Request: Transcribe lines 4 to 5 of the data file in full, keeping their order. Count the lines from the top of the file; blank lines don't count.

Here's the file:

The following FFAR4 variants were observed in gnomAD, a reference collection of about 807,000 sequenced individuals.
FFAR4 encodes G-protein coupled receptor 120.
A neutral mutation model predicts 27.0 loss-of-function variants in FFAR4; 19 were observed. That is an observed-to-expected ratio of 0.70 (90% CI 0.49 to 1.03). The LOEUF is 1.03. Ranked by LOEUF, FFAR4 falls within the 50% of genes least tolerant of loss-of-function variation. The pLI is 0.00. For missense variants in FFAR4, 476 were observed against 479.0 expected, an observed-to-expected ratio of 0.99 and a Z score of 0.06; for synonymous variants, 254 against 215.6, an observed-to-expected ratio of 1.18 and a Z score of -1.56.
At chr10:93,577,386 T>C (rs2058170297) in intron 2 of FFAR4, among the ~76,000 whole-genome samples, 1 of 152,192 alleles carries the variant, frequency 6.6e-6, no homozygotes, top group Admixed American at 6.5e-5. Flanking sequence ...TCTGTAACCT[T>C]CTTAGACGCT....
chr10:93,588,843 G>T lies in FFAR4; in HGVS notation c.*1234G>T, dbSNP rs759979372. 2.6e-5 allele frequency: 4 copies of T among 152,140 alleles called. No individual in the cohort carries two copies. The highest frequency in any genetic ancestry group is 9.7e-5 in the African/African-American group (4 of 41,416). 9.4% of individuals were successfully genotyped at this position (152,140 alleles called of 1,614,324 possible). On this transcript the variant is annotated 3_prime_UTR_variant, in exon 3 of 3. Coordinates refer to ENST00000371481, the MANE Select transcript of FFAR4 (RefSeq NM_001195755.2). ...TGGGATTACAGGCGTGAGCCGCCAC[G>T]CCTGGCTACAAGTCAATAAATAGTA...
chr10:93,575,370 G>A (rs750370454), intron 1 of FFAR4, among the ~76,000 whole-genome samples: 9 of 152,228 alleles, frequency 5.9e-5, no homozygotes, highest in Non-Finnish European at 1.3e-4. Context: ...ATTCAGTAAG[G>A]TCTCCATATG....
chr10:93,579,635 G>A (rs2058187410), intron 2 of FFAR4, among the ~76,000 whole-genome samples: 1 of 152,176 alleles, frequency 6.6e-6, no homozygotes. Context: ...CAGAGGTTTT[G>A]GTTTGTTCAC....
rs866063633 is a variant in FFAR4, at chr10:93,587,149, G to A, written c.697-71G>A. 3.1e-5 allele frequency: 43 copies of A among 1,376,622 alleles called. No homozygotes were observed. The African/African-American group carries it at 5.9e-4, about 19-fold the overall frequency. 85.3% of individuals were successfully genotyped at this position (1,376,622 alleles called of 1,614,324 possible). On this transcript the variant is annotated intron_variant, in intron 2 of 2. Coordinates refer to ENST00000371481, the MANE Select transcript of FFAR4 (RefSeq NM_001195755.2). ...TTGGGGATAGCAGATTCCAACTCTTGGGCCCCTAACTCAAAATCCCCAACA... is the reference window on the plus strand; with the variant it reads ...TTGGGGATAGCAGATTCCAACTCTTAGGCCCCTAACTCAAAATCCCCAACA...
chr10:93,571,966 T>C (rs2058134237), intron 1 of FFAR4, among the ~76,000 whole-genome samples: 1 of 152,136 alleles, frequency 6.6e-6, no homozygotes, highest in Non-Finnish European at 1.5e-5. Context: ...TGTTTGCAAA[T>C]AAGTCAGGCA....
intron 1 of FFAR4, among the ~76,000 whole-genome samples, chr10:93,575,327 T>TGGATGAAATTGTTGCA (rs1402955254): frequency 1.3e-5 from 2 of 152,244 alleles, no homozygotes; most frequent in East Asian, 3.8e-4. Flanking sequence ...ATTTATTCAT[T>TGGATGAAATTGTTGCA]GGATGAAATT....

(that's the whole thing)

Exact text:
At chr10:93,577,386 T>C (rs2058170297) in intron 2 of FFAR4, among the ~76,000 whole-genome samples, 1 of 152,192 alleles carries the variant, frequency 6.6e-6, no homozygotes, top group Admixed American at 6.5e-5. Flanking sequence ...TCTGTAACCT[T>C]CTTAGACGCT....
chr10:93,588,843 G>T lies in FFAR4; in HGVS notation c.*1234G>T, dbSNP rs759979372. 2.6e-5 allele frequency: 4 copies of T among 152,140 alleles called. No individual in the cohort carries two copies. The highest frequency in any genetic ancestry group is 9.7e-5 in the African/African-American group (4 of 41,416). 9.4% of individuals were successfully genotyped at this position (152,140 alleles called of 1,614,324 possible). On this transcript the variant is annotated 3_prime_UTR_variant, in exon 3 of 3. Coordinates refer to ENST00000371481, the MANE Select transcript of FFAR4 (RefSeq NM_001195755.2). ...TGGGATTACAGGCGTGAGCCGCCAC[G>T]CCTGGCTACAAGTCAATAAATAGTA...